“No. As you will all be aware, throughout Perpetuation, new Casings are still essential. We are continuing to improve maintenance to enable some future format-retention in your Metamorphoses, but still have technical difficulties with areas like damp and erosion of form.
Hopefully, at some point in your next dozen Metamorphoses these problems may be overcome with suitable materials. The technological achievements that have allowed minimal organ and memory decay may, in the not-too-distant future, be adapted to your outer Casings, if there are special requests due to frivolous but understandable aesthetics.”
“Are there any privileges attached to the volunteers?”
“A good question. Yes indeed. You will be encrypted securely as always, but this time, as the first Merger, you will be utilised by the world’s top researchers, and your enduring data shared across open forums. You will also be able to share any Merger-associated emotional data, and support subsequent Mergers.”
“How does it actually work?”
“An excellent question, Cyriu . If you recall some of the ancient attempts to modify crops genetically, using a crude form of fusion, it uses similar technology, with, naturally, the guarantee of continued existence through Metamorphosis. Our forebears had not, as we know, considered the inability of such organisms to self-regenerate.”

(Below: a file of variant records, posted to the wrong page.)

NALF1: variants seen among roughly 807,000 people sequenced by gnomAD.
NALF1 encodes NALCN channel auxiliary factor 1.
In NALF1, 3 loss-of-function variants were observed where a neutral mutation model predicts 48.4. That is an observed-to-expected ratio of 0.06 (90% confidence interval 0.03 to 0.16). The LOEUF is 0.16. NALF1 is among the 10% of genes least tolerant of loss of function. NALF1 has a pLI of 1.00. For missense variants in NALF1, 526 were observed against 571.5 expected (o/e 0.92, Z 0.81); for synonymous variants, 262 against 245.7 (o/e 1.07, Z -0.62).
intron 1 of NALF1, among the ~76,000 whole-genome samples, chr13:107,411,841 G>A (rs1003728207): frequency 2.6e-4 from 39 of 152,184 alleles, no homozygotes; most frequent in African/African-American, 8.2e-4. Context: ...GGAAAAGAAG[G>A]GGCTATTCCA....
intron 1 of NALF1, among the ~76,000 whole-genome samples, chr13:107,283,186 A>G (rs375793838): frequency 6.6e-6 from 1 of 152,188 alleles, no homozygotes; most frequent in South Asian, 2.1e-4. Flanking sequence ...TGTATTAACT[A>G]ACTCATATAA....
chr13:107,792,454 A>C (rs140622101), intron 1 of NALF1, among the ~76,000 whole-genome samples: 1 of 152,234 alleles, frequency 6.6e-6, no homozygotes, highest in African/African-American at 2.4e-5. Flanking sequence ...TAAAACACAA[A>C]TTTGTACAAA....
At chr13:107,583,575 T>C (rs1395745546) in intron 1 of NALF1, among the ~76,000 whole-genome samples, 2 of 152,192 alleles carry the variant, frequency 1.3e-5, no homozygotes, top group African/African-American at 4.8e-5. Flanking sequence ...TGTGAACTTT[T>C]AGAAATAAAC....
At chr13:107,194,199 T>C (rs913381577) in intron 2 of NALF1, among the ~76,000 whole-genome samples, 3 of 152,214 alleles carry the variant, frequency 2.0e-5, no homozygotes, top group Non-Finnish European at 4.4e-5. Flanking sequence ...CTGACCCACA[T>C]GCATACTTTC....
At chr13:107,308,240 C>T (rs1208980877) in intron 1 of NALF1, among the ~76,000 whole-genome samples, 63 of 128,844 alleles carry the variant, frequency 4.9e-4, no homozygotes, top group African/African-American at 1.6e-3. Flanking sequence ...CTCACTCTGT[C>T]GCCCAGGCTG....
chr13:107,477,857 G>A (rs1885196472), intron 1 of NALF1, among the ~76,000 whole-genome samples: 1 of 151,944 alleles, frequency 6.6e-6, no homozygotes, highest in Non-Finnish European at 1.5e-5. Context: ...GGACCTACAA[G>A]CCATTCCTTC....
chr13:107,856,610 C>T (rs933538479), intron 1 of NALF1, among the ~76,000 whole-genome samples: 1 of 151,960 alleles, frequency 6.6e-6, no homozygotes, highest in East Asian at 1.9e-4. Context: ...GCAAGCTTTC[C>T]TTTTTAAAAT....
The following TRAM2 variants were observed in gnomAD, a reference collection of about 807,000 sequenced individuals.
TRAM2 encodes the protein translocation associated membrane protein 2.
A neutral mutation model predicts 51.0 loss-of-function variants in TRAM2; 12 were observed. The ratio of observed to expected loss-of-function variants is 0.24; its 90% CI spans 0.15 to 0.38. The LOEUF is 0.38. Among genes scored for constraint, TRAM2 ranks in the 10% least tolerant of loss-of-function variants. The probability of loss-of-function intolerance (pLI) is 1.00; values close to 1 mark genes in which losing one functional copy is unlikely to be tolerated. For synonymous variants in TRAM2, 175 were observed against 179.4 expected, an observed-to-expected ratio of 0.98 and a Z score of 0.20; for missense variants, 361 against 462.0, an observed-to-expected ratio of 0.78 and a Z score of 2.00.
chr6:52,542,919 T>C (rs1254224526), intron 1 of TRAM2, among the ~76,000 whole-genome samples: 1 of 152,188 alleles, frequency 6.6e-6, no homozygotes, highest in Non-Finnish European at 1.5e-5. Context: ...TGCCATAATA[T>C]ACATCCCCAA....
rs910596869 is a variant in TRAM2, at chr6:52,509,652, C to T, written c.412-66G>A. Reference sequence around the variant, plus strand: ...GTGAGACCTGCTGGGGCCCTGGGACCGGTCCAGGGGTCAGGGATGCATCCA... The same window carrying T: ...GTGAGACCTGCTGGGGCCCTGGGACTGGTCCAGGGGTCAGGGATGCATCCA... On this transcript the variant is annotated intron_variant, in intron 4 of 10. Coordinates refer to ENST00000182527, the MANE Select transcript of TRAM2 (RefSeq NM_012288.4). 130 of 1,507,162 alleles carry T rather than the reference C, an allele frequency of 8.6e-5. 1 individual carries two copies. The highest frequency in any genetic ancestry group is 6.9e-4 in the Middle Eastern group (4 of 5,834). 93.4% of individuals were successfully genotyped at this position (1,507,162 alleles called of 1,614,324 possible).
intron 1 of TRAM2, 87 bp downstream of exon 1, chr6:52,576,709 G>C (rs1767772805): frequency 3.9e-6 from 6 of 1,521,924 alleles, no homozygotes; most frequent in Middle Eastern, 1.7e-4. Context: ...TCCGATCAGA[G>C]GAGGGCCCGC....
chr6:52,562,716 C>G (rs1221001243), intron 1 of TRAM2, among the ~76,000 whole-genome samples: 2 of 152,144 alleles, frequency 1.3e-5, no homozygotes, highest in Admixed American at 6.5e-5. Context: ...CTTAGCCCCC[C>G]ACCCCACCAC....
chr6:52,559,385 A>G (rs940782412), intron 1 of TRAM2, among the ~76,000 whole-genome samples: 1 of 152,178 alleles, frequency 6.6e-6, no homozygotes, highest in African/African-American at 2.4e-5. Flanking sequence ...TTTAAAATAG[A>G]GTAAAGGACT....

I had a question too, but was hesitant as it arose from previous memories of my mother talking about ancient reproductive techniques, now so deep in the past that my asking it seemed irrelevant.
“Yes-Syma-your question please?”
With the advent of Metamorphosis, we had our energy-modes monitored constantly to check that no technical problems could arise. Before our times, humans had been prone to many self-destructive behaviours; it was now recognised that successful continuation of our species relied on particular energy levels being maintained. I knew that, in past times, humans had learned to edit out some diseases and character traits, as well as select what used-crudely- to be considered national characteristics. And all this at a time when in poorer societies children regularly died of starvation and illness. Some of the barbaric eras had specialised in this kind of programme. Amusingly, since the methods were often misleading, people started screening for “imperfections” that now, were babies still being born, we would be able to deal with benignly, since our scientists understand how to control Metamorphoses to improve us, while retaining our best gifts. That our Life-Supporter was aware when we were in questioning mode was not so much a small price to pay for our continued Metamorphoses, as reassurance that such horrors could never return.
Yes. My question.
“I am wondering if we may ever Metamorphosize to a point where we may experience a feeling of unity with the notional offspring.”
“That seems irrelevant to this programme currently, but I am curious that your memories prompt such a query. Please expand. I will record in order to enhance your future experience. “
For the first time, I felt what might be alarm. Here was a memory to which I seemed attached.
“My mother once told me that, when I was born, she felt a special bond with me. She was happiest when holding and caressing me. I am wondering if we may feel something akin to such a bond if we enter the Merger. Or perhaps something similar to what she told me happened even further back, when two people had a special pairing to make offspring grow in the female’s body. She even told me that it was believed that uniquely wonderful communication took place between internal offspring and carriers. ”